compass Explore next steps to improve your mental health. Get mental health help

Understanding autism therapy services

Understanding autism therapy services

Autism is a neurological difference that affects 2.2% of the general population in the U.S. While living with autism does not prevent anyone from having a rich and meaningful life, the stigma that continues to plague the diagnosis of autism still leads many people to have incorrect ideas about what autism is and how it affects people.

“Autism therapy” refers to therapeutic approaches that are geared toward or most helpful for treating people with autism. Autism isn’t something to be “cured” or “fixed” — rather, autism therapy supports people with autism and helps them thrive. 

There are multiple types of therapy that can be effective in this setting, and qualified mental health professionals will choose when and how to utilize them depending on the needs of the client.

What Is Autism?

The Diagnostic and Statistical Manual of Mental Disorders, Fifth Edition (DSM-5), lists its diagnostic criteria for autism spectrum disorder as social communication issues such as social reciprocity, trouble identifying and responding to non-verbal cues, developing and maintaining relationships, and restricted and repetitive patterns of behavior/interests, as well as sensory issues (hearing certain noises, only being able to wear certain fabrics, having texture issues with food, walking on one’s toes, hand flapping, rocking back and forth).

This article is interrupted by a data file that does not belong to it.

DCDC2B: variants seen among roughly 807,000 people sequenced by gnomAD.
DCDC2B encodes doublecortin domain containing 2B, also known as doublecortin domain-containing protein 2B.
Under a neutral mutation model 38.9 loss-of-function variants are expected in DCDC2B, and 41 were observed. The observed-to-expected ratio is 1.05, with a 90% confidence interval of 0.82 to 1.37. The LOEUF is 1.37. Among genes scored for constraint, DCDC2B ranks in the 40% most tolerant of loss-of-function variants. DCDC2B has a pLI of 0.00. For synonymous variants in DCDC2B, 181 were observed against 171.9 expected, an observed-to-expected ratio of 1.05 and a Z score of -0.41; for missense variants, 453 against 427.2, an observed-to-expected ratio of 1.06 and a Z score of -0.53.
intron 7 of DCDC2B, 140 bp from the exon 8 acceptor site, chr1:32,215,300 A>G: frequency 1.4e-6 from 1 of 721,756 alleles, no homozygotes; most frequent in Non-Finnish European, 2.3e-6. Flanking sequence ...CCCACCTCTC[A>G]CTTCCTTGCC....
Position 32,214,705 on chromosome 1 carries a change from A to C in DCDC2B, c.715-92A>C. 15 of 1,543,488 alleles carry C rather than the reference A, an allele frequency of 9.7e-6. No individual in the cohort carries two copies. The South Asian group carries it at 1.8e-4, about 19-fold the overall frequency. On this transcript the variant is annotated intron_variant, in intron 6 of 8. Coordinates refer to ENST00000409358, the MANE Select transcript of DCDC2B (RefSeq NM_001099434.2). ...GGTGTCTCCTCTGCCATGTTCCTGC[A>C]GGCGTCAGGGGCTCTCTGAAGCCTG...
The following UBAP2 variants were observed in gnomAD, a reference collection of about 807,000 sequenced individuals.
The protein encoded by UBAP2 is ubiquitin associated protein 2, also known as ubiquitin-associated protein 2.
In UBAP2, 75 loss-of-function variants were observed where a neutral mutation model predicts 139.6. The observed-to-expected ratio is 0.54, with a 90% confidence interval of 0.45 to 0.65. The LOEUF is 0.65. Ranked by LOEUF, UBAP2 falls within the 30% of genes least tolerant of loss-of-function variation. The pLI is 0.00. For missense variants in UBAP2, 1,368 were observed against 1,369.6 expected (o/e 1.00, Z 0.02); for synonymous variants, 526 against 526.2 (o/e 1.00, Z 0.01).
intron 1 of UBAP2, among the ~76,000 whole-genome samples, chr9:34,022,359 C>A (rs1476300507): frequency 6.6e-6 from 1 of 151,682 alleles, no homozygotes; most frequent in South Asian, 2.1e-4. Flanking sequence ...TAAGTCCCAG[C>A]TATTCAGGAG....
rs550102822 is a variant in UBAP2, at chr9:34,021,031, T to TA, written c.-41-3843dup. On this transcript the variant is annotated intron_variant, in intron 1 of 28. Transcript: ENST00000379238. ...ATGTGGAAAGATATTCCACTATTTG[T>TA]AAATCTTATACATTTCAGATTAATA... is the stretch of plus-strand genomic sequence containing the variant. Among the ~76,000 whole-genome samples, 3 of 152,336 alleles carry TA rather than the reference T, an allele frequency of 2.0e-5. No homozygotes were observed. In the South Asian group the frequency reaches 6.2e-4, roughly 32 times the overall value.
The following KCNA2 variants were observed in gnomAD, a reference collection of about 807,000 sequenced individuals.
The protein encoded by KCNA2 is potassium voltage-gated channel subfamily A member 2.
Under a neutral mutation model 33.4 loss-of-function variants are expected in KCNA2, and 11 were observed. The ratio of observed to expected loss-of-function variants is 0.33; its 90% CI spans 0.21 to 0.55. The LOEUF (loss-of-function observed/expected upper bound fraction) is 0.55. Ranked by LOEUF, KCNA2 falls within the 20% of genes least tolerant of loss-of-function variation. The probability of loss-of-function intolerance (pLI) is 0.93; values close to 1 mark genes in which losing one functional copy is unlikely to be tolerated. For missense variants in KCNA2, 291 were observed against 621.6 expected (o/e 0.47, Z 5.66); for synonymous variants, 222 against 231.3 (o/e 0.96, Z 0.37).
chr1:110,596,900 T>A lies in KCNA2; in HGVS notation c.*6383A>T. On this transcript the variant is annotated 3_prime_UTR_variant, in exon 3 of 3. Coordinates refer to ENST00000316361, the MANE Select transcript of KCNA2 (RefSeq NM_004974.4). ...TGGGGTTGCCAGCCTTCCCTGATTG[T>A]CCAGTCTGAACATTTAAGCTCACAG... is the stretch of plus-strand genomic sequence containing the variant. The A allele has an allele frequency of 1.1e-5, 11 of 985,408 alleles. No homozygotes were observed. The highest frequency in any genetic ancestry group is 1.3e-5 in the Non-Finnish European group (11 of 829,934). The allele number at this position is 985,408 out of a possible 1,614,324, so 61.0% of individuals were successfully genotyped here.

These symptoms occur on a spectrum, so each person with autism will have a distinct set of strengths and challenges.

Some autistic children have developmental delays in which they develop language skills at a later date than their peers. They may also be developmentally advanced by being hyperlexic, or being able to read at levels far above what’s expected of those their age. Though there is not an official “cause” of autism, there is reason to believe that a genetic component is involved.

There are considered to be three different levels of the autism spectrum. They are:

  • Level 1: Individuals who are considered to be “level 1” are considered to be “high-functioning.” This would apply to the old “Asperger’s syndrome” diagnosis. They tend to need little to no support in navigating their lives, perhaps needing some guidance on how to handle situations or skill development, then ultimately being okay on their own.
  • Level 2: Those who are level 2 are those who need little to a moderate level of support in navigating their lives. They may navigate school well in an academic sense but struggle when out at recess when things are less structured. They tend to be aware of themselves as being different than their peers. They might want friendships but struggle more than the average person in making and maintaining those relationships.